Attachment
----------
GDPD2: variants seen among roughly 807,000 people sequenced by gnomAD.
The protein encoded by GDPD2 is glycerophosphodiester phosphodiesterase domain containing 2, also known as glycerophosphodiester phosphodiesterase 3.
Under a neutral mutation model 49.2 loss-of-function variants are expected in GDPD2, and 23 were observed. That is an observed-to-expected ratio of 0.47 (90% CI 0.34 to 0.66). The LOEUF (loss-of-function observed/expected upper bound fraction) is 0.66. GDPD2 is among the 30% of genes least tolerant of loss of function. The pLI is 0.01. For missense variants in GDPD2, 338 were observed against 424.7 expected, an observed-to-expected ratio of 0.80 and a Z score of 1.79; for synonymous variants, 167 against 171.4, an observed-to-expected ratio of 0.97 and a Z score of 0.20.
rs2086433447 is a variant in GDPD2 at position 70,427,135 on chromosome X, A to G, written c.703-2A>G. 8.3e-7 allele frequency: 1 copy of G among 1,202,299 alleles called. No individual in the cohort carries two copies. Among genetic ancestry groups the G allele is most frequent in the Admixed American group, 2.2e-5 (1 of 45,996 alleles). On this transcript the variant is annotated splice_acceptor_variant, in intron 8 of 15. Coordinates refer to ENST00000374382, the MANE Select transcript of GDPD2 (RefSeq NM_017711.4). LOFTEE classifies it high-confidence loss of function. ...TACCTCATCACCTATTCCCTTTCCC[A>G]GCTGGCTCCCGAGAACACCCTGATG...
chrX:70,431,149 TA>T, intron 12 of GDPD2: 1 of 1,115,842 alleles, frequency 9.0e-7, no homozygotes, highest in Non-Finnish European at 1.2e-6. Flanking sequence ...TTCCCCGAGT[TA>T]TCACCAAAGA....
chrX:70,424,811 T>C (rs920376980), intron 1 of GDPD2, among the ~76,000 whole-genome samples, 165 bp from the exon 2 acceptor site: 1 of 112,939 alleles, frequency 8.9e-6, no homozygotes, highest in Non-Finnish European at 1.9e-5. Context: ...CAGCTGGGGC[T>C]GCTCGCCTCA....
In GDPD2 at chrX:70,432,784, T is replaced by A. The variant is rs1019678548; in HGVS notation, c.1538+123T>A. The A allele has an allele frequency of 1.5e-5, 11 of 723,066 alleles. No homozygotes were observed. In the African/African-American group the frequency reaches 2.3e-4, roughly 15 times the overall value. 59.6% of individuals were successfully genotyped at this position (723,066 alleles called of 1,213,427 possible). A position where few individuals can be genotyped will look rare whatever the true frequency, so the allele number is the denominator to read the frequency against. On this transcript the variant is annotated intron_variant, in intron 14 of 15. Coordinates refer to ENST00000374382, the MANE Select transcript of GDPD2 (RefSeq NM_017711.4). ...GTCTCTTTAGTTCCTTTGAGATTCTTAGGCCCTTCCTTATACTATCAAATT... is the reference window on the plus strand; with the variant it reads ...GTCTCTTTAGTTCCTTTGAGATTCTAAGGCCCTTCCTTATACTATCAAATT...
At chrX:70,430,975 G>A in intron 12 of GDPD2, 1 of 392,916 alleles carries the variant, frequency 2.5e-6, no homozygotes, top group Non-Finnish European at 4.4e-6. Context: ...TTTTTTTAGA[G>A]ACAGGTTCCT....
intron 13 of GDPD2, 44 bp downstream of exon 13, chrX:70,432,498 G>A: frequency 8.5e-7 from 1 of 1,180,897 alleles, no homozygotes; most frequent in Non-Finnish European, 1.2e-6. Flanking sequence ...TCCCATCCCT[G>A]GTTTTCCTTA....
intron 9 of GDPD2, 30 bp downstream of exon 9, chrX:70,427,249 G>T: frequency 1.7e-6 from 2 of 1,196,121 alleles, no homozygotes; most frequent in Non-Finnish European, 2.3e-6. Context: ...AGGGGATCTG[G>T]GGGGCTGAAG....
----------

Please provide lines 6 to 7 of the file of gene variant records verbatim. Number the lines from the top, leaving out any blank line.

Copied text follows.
chrX:70,424,811 T>C (rs920376980), intron 1 of GDPD2, among the ~76,000 whole-genome samples, 165 bp from the exon 2 acceptor site: 1 of 112,939 alleles, frequency 8.9e-6, no homozygotes, highest in Non-Finnish European at 1.9e-5. Context: ...CAGCTGGGGC[T>C]GCTCGCCTCA....
In GDPD2 at chrX:70,432,784, T is replaced by A. The variant is rs1019678548; in HGVS notation, c.1538+123T>A. The A allele has an allele frequency of 1.5e-5, 11 of 723,066 alleles. No homozygotes were observed. In the African/African-American group the frequency reaches 2.3e-4, roughly 15 times the overall value. 59.6% of individuals were successfully genotyped at this position (723,066 alleles called of 1,213,427 possible). A position where few individuals can be genotyped will look rare whatever the true frequency, so the allele number is the denominator to read the frequency against. On this transcript the variant is annotated intron_variant, in intron 14 of 15. Coordinates refer to ENST00000374382, the MANE Select transcript of GDPD2 (RefSeq NM_017711.4). ...GTCTCTTTAGTTCCTTTGAGATTCTTAGGCCCTTCCTTATACTATCAAATT... is the reference window on the plus strand; with the variant it reads ...GTCTCTTTAGTTCCTTTGAGATTCTAAGGCCCTTCCTTATACTATCAAATT...